Milk production in California, the largest milk producer, decreased four percent in 2009, according to a report by Rabobank’s Food & Agribusiness Research Advisory Group (FAR). The report calls the decrease the “largest single decrease ever recorded in California and the first year of negative milk growth since 1978.” For the same year in Wisconsin, the second largest milk producer, milk production actually increased by 3.15 percent, representing the biggest increase in 16 years despite a decrease in milk prices. So what’s the difference?
California dairy farmers are more reliant on purchased feed. The total feed costs increased 78 percent for California dairy farmers from 2006 to 2009, but only increased 12 percent for Wisconsin farmers. Wisconsin feed prices increased 69 percent, but farmers purchase much less of their feed since they grow their own. Half of California’s cost of production is actually from purchased feed, whereas it’s only 24 percent for Wisconsin farmers.
The report also points out that California farmers focus on specialization and scale in milk production and have large herd sizes. Wisconsin farmers “use a more integrated dairying model with fewer cows per operation.” Wisconsin has 14,158 dairy farms while California only has 1,923, according to the 2007 USDA Census of Agriculture.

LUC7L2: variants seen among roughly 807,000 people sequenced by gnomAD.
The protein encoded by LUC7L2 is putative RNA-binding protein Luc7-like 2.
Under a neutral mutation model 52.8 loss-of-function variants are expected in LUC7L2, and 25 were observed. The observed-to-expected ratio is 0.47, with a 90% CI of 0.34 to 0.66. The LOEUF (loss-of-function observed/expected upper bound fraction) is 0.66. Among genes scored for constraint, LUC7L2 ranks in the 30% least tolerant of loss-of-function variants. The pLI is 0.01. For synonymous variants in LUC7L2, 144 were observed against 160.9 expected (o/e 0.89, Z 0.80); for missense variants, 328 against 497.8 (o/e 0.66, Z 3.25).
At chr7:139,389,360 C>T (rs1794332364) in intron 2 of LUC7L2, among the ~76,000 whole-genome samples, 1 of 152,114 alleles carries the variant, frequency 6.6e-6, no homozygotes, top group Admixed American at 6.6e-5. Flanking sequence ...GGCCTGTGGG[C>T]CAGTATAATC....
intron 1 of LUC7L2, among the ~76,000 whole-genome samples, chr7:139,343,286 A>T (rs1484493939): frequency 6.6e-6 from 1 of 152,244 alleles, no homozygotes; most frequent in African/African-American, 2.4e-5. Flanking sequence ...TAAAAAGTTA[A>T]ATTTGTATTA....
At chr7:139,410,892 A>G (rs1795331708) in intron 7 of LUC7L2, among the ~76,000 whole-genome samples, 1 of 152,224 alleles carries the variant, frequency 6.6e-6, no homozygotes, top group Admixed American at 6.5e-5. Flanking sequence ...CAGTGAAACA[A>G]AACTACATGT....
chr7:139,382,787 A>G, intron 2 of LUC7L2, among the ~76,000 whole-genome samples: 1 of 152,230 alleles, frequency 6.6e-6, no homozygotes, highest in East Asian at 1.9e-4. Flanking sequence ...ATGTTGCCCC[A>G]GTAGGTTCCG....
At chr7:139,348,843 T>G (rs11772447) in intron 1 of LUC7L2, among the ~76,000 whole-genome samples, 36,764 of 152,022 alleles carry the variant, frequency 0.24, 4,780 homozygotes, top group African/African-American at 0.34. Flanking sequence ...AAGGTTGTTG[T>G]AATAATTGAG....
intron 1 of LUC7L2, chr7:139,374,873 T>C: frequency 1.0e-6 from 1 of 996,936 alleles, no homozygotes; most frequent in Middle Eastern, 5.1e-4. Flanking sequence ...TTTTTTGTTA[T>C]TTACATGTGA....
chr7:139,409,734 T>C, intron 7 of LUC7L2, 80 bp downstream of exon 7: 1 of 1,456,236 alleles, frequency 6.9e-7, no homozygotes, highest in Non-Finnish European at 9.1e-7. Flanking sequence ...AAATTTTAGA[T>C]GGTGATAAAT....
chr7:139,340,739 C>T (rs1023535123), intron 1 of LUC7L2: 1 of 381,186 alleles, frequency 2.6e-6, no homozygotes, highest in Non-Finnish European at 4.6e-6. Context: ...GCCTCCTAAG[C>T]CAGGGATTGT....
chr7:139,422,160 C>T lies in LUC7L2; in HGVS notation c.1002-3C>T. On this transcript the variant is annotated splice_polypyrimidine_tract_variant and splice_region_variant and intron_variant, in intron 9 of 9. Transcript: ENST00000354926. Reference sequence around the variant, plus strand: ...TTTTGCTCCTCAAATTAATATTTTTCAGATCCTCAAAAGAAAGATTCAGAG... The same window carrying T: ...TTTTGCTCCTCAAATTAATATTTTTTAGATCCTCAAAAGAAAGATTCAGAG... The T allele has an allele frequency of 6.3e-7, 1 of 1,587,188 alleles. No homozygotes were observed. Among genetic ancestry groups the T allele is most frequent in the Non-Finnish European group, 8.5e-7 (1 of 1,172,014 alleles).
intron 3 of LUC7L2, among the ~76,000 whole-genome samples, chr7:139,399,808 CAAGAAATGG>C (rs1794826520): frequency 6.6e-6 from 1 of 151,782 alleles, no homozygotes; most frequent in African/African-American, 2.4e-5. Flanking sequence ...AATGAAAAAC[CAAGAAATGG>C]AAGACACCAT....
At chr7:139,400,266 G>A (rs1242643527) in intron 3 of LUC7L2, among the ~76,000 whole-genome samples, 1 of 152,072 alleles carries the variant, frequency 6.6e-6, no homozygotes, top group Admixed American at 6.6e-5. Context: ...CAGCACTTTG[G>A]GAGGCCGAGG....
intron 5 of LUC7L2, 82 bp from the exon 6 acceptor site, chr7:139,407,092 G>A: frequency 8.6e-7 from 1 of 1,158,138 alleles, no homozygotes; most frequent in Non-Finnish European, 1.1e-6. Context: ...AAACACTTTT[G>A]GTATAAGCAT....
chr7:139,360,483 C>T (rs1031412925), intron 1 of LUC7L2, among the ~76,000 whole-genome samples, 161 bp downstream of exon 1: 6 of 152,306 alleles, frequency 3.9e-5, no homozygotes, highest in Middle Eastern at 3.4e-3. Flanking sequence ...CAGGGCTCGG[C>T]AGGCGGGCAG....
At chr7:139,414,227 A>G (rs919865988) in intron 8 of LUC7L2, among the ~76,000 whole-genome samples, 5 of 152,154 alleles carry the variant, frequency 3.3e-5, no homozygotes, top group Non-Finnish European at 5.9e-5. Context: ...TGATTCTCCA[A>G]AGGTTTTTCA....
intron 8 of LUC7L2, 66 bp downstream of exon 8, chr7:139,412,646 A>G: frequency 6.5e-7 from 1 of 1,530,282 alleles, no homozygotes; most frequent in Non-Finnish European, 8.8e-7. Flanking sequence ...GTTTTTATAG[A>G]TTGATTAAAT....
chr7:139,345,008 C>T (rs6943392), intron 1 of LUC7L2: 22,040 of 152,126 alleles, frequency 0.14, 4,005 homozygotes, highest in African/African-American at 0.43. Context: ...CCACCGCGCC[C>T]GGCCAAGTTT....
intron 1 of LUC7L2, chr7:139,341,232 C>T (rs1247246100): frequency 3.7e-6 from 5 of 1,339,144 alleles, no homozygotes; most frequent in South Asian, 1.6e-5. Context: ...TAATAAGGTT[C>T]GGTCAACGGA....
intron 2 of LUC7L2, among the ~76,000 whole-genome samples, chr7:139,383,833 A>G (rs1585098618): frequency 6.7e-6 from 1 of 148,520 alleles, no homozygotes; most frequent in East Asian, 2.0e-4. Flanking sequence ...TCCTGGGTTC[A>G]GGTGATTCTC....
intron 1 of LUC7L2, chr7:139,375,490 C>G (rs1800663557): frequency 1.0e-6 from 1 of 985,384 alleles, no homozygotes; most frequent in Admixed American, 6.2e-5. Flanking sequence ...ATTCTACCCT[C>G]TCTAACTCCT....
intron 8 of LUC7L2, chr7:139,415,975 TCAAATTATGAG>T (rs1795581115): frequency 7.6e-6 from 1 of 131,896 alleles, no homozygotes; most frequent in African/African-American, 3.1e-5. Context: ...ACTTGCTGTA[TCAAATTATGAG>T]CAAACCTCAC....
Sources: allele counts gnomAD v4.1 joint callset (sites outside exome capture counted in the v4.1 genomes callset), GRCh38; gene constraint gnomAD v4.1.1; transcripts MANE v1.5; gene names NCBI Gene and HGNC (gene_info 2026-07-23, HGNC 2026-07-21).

Report suggests California dairy farmers need to export more
The report’s solution for the California dairy industry’s problems is to increase exports, although it does also recommend growing their own feed. “The export market now offers pricing at least as attractive as that available domestically and provides the only real avenue to significant volume growth,” the report states.
However, there is a problem with increasing exports, as a report on the Jamaican dairy industry shows. Small Jamaican dairy farmers are going out of business because they are unable to compete with subsidized milk imports.
Jamaica is the “second most heavily indebted country in the world (measured as debt per GDP),” according to the report, and spends about $10 million a year on imported milk.
A report on Kenya for ActionAid International Kenya (AAIK) looked at the effects of the surge of imported milk increases from 1992 to 2001. The report found that 40 percent of the Kenyan dairy farmers surveyed said they were negatively affected by the milk import increases and 35 percent said farm employment was negatively affected.
Growing more feed is the real solution
The best way for California dairy farmers to reduce their cost production is by growing more of their own feed, as Wisconsin farmers already do. An Associated Press article in March from Riverdale, California, which is a rural community in Fresno County loaded with dairy farms, states that Asian exports expanded, but California dairy farmers still struggle with the 2009 price decrease. The article also points out that corn prices are higher, which makes corn-based feed an added burden for already cash-strapped dairy farmers.
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